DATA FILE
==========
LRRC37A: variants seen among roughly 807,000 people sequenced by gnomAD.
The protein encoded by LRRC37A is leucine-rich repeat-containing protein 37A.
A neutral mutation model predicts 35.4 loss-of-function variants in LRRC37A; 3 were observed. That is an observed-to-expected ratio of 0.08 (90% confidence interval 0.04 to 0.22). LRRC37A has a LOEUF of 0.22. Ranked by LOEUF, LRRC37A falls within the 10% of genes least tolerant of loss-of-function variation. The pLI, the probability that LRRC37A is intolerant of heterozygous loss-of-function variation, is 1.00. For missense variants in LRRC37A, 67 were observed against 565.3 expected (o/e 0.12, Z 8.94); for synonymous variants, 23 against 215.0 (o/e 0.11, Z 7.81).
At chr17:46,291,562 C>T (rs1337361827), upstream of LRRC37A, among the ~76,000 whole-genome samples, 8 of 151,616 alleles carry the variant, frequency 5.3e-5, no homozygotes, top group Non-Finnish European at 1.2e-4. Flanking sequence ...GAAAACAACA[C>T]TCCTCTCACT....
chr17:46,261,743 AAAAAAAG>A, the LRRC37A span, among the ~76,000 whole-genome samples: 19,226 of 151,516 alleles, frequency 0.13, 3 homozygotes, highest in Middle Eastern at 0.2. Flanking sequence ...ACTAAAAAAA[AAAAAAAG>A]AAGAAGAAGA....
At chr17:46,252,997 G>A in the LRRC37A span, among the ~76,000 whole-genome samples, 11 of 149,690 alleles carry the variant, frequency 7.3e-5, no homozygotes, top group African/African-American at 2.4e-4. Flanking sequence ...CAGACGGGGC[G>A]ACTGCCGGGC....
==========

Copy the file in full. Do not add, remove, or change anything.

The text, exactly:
LRRC37A: variants seen among roughly 807,000 people sequenced by gnomAD.
The protein encoded by LRRC37A is leucine-rich repeat-containing protein 37A.
A neutral mutation model predicts 35.4 loss-of-function variants in LRRC37A; 3 were observed. That is an observed-to-expected ratio of 0.08 (90% confidence interval 0.04 to 0.22). LRRC37A has a LOEUF of 0.22. Ranked by LOEUF, LRRC37A falls within the 10% of genes least tolerant of loss-of-function variation. The pLI, the probability that LRRC37A is intolerant of heterozygous loss-of-function variation, is 1.00. For missense variants in LRRC37A, 67 were observed against 565.3 expected (o/e 0.12, Z 8.94); for synonymous variants, 23 against 215.0 (o/e 0.11, Z 7.81).
At chr17:46,291,562 C>T (rs1337361827), upstream of LRRC37A, among the ~76,000 whole-genome samples, 8 of 151,616 alleles carry the variant, frequency 5.3e-5, no homozygotes, top group Non-Finnish European at 1.2e-4. Flanking sequence ...GAAAACAACA[C>T]TCCTCTCACT....
chr17:46,261,743 AAAAAAAG>A, the LRRC37A span, among the ~76,000 whole-genome samples: 19,226 of 151,516 alleles, frequency 0.13, 3 homozygotes, highest in Middle Eastern at 0.2. Flanking sequence ...ACTAAAAAAA[AAAAAAAG>A]AAGAAGAAGA....
At chr17:46,252,997 G>A in the LRRC37A span, among the ~76,000 whole-genome samples, 11 of 149,690 alleles carry the variant, frequency 7.3e-5, no homozygotes, top group African/African-American at 2.4e-4. Flanking sequence ...CAGACGGGGC[G>A]ACTGCCGGGC....